Time for a change

The P.E. graduation requirement should only be one year to make room for academic courses

Students already have enough to cram in their schedules— from their visual art to foreign language classes to electives they will actually enjoy . A two-year Physical Education requirement only puts unnecessary strain on students’ already complicated scheduling decision without being effective in promoting an active lifestyle.

The California Department of Education requires that high school students take two years of P.E., claiming that P.E. courses enable students to “to lead a physically active lifestyle.” However, if allowing students to lead a healthy lifestyle were truly the goal, wouldn’t a four year requirement be more suitable? It seems like the two year requirement is a failed compromise to students who have packed schedules, as it still manages to inconvenience students and fails to effectively promote healthy living habits.

The majority of students do not take P.E. looking to learn about healthy living; they take the class to fulfill their requirements. From what I remember, freshman P.E. was somewhat intense; I broke a sweat everyday I had it.

However, the second year of P.E. from what I have heard does not seem to be nearly as intense or physically demanding, as evidenced by the existence of a class which revolves around badminton. Sure, students get the opportunity to be active by playing sports they enjoy like basketball or soccer, but it should not be required that students sacrifice potential class time for it.

Additionally, most P.E. classes just make you run; they don’t teach about setting a regular exercise regimen or healthy eating habits, both of which are key components to a healthy lifestyle

The P.E. requirement should not be eliminated entirely; staying active is still very important and should be encouraged by the school in someway without interfering with students’ academics. One year of P.E. should be sufficient in preparing for the state mandated fitness test. It will do all the promotion of fitness necessary during freshman year, where students are not taking a history class which would occupy yet another scheduling slot.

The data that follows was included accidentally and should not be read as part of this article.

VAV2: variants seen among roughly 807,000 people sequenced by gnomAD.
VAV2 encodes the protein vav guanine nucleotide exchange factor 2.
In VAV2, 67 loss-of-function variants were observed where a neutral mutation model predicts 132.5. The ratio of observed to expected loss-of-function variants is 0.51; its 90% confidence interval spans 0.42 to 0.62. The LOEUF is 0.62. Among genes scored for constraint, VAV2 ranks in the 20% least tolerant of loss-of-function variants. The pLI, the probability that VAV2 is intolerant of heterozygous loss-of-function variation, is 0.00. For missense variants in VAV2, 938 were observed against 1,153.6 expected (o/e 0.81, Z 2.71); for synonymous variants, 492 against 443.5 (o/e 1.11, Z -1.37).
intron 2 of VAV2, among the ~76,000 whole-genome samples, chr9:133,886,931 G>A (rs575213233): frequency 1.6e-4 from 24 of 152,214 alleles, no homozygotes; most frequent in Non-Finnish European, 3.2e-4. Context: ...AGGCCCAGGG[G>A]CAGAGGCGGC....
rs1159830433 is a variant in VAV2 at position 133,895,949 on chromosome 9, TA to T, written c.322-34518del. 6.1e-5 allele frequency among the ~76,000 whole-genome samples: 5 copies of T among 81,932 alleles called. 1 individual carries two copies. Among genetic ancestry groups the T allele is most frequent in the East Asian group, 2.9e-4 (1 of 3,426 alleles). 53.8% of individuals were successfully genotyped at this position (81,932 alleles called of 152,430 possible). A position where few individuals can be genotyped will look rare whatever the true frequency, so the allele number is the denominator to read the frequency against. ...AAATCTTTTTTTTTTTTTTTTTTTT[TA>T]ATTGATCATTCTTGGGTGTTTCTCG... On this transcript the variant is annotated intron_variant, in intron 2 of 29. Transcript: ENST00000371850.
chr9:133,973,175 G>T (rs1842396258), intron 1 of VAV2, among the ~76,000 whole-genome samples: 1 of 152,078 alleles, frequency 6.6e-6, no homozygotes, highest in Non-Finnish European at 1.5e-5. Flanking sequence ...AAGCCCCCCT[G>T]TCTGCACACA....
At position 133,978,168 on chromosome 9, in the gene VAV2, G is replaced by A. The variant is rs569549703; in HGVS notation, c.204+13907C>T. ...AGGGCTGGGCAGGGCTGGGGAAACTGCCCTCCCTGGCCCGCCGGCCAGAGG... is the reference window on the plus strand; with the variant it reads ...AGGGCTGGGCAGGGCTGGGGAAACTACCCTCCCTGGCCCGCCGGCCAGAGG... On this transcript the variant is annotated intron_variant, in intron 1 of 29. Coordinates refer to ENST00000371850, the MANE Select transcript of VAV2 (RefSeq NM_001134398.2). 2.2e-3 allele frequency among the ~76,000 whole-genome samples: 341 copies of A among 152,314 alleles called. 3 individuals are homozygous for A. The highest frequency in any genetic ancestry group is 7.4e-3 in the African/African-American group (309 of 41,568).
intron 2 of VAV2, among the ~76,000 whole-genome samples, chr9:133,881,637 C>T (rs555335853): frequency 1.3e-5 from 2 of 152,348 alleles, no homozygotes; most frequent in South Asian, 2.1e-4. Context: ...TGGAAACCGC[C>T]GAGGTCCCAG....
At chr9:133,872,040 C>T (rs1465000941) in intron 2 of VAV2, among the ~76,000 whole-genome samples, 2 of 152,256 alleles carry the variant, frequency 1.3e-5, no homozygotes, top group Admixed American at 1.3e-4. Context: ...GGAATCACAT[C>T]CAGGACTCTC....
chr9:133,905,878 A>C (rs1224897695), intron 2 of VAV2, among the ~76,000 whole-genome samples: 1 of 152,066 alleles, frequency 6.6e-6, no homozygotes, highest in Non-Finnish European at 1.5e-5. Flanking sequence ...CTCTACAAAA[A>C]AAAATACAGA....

I remember having a tough decision to make between freshman or sophomore year: I needed to decide whether to drop a P.E. class or Spanish 4. I didn’t have enough room for both because I wanted to continue to take Journalism. Not only did I not want to take a zero period, but it wasn’t even an option because I had no way of getting to school that early.

I ended up not taking a P.E. class my sophomore year and taking Spanish 4 instead, as I didn’t want to take a break in between spanish classes. P.E. would have to wait for the summer, or junior year, or senior year, or wherever I could squeeze it in the least inconveniently.

The two year P.E. requirement almost jeopardized my taking of an elective that I wanted to take or interrupted my foreign language pathway, both of which I consider more important than taking a P.E. class. I was willing to sacrifice part of my summer and fork up 550 bucks to avoid that by taking P.E. over the summer, but I am sure many students encounter the same predicament and do not have that option.